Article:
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How to Create Content That People Actually Want to Read (And Share)

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We’ve all probably heard the saying “content is king”, right?

I’m not here to tell you that it’s not.

What I am here to tell you is that this quote is a little misleading. You see, content is critical to the growth of your business but not any old article or ebook will do.

What I’m trying to say here is that average content isn’t the king of anything.

If you want to create something that people actually want to read and share, you have to focus on rising above the ordinary.

To help get you started, I’ve provided examples of 5 different content concepts that will get you noticed.

Don’t be afraid to stir up some controversy

Back in April our CEO came across a video on YouTube that really rattled us. In summary, the video’s creator Luke Nesler from Impkat Creative Marketing & Branding (ironic, we know) carries on for about 4 minutes or so about his aversion to HubSpot.

We weren’t into that.

So when our marketing director John Bonini caught wind of the video, he took to our blog to set the record straight. As a result, his post – “Why I Despise HubSpot”: The Story of an Ignorant Entrepreneur – was born.

When he published it, we sat there for a whiling wondering if it was perhaps, too harsh. Would people be turned off by it? Would they get it?

It was only a matter of minutes before we quickly realized, people not only got it, but they loved it. HubSpot users and non-users expressed their overwhelming support through the comment section on the blog…and it was really awesome.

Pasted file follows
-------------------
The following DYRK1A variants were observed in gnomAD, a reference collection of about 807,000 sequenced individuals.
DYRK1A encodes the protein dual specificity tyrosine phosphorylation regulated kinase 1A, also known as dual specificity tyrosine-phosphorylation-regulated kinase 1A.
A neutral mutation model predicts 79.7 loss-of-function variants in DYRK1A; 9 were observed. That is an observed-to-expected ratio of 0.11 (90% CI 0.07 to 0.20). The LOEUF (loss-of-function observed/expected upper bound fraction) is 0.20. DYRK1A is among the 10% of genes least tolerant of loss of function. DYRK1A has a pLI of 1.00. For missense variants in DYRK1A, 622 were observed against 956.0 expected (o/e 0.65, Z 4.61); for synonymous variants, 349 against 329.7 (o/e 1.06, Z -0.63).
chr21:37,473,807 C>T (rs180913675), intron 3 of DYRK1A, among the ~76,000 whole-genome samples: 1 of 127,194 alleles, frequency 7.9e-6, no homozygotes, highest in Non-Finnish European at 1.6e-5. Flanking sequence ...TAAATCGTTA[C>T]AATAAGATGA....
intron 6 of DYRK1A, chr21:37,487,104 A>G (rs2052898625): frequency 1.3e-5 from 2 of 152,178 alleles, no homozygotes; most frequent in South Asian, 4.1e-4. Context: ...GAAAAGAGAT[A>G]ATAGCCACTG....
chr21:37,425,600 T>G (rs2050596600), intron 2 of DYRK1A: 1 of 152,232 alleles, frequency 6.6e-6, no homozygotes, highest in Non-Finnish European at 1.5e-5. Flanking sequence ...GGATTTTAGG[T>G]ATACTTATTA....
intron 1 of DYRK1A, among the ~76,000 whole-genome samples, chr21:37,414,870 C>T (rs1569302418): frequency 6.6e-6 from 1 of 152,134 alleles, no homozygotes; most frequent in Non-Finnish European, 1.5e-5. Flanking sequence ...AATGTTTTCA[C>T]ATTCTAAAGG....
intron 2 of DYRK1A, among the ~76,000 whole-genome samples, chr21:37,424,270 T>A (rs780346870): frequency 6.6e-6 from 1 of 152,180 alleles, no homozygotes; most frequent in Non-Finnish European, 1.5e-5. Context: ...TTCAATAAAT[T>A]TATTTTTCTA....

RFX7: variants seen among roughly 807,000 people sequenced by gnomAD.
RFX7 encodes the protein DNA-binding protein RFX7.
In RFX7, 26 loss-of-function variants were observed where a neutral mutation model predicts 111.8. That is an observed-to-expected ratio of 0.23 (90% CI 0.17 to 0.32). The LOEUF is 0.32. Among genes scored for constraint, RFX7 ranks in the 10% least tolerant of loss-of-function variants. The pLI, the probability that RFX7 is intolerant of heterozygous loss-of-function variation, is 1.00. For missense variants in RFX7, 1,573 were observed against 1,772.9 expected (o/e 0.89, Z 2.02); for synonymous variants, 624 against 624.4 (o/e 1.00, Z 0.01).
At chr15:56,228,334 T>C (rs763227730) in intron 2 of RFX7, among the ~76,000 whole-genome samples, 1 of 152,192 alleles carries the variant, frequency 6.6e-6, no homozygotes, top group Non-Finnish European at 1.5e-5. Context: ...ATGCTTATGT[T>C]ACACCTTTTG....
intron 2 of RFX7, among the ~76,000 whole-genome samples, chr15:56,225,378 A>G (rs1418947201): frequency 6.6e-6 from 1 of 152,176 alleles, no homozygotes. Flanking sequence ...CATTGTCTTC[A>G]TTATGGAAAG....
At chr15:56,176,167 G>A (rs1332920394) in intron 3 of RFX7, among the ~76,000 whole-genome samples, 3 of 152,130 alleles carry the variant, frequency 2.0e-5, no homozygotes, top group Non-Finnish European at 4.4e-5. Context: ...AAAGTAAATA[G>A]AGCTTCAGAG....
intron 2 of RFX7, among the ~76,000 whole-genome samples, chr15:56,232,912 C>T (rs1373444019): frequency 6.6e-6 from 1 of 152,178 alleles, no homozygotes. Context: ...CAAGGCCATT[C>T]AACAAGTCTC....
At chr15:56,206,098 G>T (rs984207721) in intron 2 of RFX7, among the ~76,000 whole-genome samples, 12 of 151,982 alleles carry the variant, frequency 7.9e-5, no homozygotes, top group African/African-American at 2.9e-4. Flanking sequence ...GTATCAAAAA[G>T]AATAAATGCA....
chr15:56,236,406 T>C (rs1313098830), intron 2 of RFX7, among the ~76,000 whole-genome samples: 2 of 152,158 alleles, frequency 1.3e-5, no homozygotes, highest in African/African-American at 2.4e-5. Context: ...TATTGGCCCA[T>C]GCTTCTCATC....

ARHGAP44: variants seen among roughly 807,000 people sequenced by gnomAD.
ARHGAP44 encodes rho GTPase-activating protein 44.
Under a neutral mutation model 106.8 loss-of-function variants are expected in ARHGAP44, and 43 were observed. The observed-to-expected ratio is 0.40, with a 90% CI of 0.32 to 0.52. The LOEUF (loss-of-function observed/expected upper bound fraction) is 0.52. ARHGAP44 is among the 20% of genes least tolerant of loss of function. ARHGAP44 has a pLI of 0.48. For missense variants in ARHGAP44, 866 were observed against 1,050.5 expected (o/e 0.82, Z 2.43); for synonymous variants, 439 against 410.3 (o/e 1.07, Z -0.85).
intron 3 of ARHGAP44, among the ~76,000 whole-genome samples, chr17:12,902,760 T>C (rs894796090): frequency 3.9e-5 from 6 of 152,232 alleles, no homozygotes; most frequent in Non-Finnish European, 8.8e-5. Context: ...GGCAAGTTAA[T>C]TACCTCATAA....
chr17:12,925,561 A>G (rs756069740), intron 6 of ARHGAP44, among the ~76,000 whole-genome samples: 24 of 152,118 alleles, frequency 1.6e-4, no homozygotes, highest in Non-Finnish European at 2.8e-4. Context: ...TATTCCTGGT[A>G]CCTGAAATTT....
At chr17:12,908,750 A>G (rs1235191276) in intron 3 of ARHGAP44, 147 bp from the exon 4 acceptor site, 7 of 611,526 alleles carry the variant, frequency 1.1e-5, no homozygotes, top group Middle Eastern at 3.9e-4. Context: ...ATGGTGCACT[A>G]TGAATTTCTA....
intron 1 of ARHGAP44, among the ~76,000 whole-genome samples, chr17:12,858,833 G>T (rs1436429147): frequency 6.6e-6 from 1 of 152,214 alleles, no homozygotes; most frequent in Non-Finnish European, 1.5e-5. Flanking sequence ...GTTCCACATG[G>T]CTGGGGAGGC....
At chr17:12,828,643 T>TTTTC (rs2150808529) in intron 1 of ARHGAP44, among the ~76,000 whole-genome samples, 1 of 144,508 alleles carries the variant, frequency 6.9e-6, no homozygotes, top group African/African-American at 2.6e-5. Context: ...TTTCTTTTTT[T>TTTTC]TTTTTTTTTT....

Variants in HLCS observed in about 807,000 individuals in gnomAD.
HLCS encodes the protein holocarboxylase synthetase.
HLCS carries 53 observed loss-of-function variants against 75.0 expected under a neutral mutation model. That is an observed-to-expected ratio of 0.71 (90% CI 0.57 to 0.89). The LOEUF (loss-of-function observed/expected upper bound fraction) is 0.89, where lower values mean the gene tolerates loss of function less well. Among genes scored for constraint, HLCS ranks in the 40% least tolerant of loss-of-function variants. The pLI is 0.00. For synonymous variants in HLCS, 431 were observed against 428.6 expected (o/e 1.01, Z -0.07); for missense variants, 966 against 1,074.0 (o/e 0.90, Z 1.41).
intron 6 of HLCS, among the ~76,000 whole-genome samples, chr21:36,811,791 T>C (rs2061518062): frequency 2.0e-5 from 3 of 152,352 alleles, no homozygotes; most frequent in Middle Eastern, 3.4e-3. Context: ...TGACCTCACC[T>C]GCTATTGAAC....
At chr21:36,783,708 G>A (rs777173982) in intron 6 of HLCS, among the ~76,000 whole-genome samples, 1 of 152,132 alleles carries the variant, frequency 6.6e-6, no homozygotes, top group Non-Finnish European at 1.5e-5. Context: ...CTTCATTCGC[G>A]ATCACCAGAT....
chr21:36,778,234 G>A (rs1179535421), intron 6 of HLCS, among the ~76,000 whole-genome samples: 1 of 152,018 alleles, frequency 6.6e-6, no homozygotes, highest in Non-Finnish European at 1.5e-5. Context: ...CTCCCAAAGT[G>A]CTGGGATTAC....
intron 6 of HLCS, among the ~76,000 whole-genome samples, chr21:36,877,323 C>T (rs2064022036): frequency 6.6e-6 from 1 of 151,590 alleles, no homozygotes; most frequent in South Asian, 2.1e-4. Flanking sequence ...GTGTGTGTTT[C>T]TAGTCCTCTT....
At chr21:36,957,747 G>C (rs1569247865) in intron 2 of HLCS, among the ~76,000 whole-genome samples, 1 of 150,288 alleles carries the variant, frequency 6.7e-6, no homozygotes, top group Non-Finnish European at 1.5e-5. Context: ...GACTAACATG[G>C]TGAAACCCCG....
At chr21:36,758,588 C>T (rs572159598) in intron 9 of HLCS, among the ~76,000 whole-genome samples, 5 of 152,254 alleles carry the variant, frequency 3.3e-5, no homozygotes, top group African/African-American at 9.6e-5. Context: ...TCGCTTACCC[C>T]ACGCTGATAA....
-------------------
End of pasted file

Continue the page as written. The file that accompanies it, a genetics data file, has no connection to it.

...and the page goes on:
In the month following its publish date, this post proved to be the 7th most visited page on our website. Not bad, huh?

Point being, don’t be afraid to shake things up. If you have a strong opinion on something, state it. It’s refreshing, it’s liberating, and people love to see it done.

Focus on creating something relatable

Screen_Shot_2014-07-23_at_11.41.46_AMThe advent of marketing automation has opened a ton of doors for marketers, however, poor adaptation of the tools has lead to some seriously robotic content.

A lot of time marketers forget that they are humans, creating content for other humans. It’s quite scary.

But truth be told, this type of static content doesn’t invite engagement. It simply exists for the purposing of existing.

Rather than fall into this trap, you’ll want to focus on bringing a human element back to content by creating something that people can relate to.

A great example of this in action is a post that was published on the HubSpot blog at the beginning of the month. The post – “14 Annoying Office Habits We All Need to Break” – written by Lindsay Kolowich is the epitome of relatable.

Aware that we’ve all had a run in with the “music so loud you can hear it through their headphones” guy and the “sneezing and coughing all over their desk” trooper, this post really hits home.

Find a way to provide inspiration

Last week I put together a SlideShare that highlighted 50 of the best pieces of entrepreneurial advice I’d ever come across. Take a look: